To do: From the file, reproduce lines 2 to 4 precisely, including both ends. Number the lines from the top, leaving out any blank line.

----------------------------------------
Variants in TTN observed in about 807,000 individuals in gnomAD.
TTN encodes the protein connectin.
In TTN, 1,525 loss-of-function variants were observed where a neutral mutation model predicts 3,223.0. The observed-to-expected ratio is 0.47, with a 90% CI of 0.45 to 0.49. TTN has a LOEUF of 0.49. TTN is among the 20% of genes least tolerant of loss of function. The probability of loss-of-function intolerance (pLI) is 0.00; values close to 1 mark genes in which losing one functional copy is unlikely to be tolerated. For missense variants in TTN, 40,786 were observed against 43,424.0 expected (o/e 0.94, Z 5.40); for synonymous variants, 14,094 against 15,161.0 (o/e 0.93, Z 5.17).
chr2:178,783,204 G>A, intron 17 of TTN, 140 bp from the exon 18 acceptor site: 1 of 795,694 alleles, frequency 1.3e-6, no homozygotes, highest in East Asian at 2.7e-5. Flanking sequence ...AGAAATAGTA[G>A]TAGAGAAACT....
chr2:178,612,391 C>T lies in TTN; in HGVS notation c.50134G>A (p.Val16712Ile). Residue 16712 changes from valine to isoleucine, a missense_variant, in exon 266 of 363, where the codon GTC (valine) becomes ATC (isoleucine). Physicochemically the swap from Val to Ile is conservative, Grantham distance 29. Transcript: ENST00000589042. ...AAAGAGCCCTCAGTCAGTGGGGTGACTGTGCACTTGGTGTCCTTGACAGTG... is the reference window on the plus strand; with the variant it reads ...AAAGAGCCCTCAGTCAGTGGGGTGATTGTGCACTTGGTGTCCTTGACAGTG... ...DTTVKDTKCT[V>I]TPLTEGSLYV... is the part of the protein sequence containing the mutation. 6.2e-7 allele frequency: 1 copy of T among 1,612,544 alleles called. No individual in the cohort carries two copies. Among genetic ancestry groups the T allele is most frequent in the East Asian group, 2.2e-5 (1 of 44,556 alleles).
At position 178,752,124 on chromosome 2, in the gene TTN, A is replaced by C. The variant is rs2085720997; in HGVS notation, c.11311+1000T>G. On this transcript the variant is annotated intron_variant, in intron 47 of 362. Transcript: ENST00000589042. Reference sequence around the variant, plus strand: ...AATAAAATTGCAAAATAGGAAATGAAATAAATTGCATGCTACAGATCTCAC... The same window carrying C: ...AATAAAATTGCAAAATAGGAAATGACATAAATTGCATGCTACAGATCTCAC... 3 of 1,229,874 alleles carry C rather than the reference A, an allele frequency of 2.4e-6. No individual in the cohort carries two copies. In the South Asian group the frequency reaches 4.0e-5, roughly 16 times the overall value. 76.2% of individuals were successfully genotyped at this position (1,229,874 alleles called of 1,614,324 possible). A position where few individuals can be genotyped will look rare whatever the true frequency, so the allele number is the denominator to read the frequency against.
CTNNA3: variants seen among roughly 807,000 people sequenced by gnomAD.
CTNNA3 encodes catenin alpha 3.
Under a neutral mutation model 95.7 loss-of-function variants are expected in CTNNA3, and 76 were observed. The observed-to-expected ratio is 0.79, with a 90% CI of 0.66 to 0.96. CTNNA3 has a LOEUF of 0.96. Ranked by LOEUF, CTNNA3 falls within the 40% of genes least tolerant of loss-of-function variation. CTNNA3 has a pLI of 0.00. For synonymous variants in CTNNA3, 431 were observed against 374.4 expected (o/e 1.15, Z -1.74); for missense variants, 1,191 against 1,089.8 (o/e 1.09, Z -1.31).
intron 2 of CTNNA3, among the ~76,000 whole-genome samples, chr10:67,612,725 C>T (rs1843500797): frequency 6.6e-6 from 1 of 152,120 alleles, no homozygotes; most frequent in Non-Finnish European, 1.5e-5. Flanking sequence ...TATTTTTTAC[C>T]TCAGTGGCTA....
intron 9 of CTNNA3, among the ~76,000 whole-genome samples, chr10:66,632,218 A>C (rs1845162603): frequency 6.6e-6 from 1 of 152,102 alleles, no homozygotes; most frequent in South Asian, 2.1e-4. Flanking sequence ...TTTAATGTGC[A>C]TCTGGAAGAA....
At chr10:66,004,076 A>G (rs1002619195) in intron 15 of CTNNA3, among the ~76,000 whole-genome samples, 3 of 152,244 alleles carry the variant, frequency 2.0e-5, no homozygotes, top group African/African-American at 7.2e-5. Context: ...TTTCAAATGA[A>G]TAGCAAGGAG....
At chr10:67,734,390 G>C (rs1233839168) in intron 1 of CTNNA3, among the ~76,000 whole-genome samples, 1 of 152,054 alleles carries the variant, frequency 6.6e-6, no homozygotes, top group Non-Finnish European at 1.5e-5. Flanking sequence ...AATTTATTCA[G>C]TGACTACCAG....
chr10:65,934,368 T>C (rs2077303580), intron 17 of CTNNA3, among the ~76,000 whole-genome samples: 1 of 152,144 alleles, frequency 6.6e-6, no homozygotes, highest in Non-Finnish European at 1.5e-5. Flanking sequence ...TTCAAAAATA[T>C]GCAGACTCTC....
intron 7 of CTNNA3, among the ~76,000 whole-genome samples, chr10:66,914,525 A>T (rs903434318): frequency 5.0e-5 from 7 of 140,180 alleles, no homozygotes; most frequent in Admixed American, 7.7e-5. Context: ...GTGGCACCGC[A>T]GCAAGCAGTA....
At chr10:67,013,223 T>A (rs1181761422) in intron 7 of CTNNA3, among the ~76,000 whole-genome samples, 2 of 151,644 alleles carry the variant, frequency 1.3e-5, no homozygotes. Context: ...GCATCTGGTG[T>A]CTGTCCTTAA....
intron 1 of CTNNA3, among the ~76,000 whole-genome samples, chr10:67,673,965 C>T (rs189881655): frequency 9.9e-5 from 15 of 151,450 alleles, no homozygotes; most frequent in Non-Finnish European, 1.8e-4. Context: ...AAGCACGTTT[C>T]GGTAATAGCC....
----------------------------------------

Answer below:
TTN encodes the protein connectin.
In TTN, 1,525 loss-of-function variants were observed where a neutral mutation model predicts 3,223.0. The observed-to-expected ratio is 0.47, with a 90% CI of 0.45 to 0.49. TTN has a LOEUF of 0.49. TTN is among the 20% of genes least tolerant of loss of function. The probability of loss-of-function intolerance (pLI) is 0.00; values close to 1 mark genes in which losing one functional copy is unlikely to be tolerated. For missense variants in TTN, 40,786 were observed against 43,424.0 expected (o/e 0.94, Z 5.40); for synonymous variants, 14,094 against 15,161.0 (o/e 0.93, Z 5.17).
chr2:178,783,204 G>A, intron 17 of TTN, 140 bp from the exon 18 acceptor site: 1 of 795,694 alleles, frequency 1.3e-6, no homozygotes, highest in East Asian at 2.7e-5. Flanking sequence ...AGAAATAGTA[G>A]TAGAGAAACT....